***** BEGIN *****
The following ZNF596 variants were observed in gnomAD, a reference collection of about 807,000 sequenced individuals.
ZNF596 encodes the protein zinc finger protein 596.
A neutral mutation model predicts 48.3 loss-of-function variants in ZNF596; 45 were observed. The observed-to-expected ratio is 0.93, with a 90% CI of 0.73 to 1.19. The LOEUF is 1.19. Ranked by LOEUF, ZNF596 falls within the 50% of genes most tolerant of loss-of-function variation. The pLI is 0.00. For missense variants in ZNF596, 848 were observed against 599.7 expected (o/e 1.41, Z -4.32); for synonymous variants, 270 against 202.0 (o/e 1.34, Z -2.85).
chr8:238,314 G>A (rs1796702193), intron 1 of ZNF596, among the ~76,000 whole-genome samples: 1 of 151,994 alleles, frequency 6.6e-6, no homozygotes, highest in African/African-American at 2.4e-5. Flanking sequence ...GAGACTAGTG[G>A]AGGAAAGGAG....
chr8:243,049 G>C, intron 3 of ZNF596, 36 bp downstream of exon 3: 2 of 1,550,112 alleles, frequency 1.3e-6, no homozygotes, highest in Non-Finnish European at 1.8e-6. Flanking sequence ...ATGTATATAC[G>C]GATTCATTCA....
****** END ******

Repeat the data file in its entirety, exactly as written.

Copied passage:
The following ZNF596 variants were observed in gnomAD, a reference collection of about 807,000 sequenced individuals.
ZNF596 encodes the protein zinc finger protein 596.
A neutral mutation model predicts 48.3 loss-of-function variants in ZNF596; 45 were observed. The observed-to-expected ratio is 0.93, with a 90% CI of 0.73 to 1.19. The LOEUF is 1.19. Ranked by LOEUF, ZNF596 falls within the 50% of genes most tolerant of loss-of-function variation. The pLI is 0.00. For missense variants in ZNF596, 848 were observed against 599.7 expected (o/e 1.41, Z -4.32); for synonymous variants, 270 against 202.0 (o/e 1.34, Z -2.85).
chr8:238,314 G>A (rs1796702193), intron 1 of ZNF596, among the ~76,000 whole-genome samples: 1 of 151,994 alleles, frequency 6.6e-6, no homozygotes, highest in African/African-American at 2.4e-5. Flanking sequence ...GAGACTAGTG[G>A]AGGAAAGGAG....
chr8:243,049 G>C, intron 3 of ZNF596, 36 bp downstream of exon 3: 2 of 1,550,112 alleles, frequency 1.3e-6, no homozygotes, highest in Non-Finnish European at 1.8e-6. Flanking sequence ...ATGTATATAC[G>C]GATTCATTCA....